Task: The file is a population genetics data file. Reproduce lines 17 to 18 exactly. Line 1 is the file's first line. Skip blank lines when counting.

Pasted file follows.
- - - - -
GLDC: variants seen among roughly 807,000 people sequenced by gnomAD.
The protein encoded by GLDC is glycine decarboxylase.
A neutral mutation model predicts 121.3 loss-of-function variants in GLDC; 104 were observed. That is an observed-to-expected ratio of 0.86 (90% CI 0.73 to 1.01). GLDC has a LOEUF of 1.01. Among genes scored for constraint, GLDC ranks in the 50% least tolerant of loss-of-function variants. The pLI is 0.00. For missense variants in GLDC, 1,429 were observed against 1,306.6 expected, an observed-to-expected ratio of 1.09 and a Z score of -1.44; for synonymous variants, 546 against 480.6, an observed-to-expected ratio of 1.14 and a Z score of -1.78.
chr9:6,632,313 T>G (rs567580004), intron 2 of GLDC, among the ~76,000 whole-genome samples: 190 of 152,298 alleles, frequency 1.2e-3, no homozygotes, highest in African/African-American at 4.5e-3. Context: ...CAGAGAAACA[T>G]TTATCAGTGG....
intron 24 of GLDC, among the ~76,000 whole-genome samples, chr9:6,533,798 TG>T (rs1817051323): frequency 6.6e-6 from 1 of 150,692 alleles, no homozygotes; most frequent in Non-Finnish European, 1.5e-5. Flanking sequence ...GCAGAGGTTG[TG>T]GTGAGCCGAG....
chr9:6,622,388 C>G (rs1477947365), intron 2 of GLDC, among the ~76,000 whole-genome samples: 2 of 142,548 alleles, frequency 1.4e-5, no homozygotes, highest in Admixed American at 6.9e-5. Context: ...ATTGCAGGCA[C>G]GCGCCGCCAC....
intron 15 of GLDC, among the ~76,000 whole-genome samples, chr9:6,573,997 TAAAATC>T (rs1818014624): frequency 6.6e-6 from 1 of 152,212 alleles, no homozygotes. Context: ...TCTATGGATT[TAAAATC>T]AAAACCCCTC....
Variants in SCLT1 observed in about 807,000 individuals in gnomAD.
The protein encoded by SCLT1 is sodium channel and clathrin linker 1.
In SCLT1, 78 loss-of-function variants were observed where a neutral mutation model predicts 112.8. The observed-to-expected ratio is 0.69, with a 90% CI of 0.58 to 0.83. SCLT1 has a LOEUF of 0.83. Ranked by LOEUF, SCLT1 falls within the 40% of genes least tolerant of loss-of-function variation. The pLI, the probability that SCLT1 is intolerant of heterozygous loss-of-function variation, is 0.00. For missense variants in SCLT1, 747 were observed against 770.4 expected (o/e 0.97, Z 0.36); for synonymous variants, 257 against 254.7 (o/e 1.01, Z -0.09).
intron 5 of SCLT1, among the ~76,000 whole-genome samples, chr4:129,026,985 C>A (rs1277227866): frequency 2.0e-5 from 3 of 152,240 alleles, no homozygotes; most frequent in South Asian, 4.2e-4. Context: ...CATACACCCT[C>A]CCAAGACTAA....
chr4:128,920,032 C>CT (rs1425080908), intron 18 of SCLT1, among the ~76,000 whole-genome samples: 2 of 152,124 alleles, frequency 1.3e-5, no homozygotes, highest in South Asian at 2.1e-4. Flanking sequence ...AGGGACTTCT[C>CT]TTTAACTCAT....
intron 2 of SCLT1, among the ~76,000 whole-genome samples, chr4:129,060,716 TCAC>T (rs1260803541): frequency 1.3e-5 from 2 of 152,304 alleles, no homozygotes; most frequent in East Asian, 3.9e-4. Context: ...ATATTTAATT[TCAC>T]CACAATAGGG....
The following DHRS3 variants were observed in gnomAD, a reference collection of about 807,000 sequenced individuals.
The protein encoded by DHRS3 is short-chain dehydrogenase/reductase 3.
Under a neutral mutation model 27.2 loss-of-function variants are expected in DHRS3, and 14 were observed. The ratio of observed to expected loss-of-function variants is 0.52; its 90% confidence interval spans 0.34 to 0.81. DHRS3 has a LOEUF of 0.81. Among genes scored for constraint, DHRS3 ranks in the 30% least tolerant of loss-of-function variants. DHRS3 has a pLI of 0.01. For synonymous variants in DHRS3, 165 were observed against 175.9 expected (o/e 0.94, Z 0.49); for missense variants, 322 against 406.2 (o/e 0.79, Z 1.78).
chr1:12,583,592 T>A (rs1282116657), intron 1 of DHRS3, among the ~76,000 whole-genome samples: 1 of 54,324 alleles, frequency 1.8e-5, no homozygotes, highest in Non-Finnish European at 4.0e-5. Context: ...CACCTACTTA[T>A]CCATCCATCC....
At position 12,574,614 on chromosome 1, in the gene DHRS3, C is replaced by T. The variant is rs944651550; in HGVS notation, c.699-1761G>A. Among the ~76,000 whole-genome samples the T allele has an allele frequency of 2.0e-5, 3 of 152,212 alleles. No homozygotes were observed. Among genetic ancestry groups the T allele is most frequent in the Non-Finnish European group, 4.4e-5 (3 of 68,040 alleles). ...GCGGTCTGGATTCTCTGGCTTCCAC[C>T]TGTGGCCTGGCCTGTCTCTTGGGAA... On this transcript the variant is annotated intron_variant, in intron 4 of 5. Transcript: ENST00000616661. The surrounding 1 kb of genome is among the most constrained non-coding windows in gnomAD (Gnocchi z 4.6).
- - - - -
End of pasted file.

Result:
chr1:12,583,592 T>A (rs1282116657), intron 1 of DHRS3, among the ~76,000 whole-genome samples: 1 of 54,324 alleles, frequency 1.8e-5, no homozygotes, highest in Non-Finnish European at 4.0e-5. Context: ...CACCTACTTA[T>A]CCATCCATCC....
At position 12,574,614 on chromosome 1, in the gene DHRS3, C is replaced by T. The variant is rs944651550; in HGVS notation, c.699-1761G>A. Among the ~76,000 whole-genome samples the T allele has an allele frequency of 2.0e-5, 3 of 152,212 alleles. No homozygotes were observed. Among genetic ancestry groups the T allele is most frequent in the Non-Finnish European group, 4.4e-5 (3 of 68,040 alleles). ...GCGGTCTGGATTCTCTGGCTTCCAC[C>T]TGTGGCCTGGCCTGTCTCTTGGGAA... On this transcript the variant is annotated intron_variant, in intron 4 of 5. Transcript: ENST00000616661. The surrounding 1 kb of genome is among the most constrained non-coding windows in gnomAD (Gnocchi z 4.6).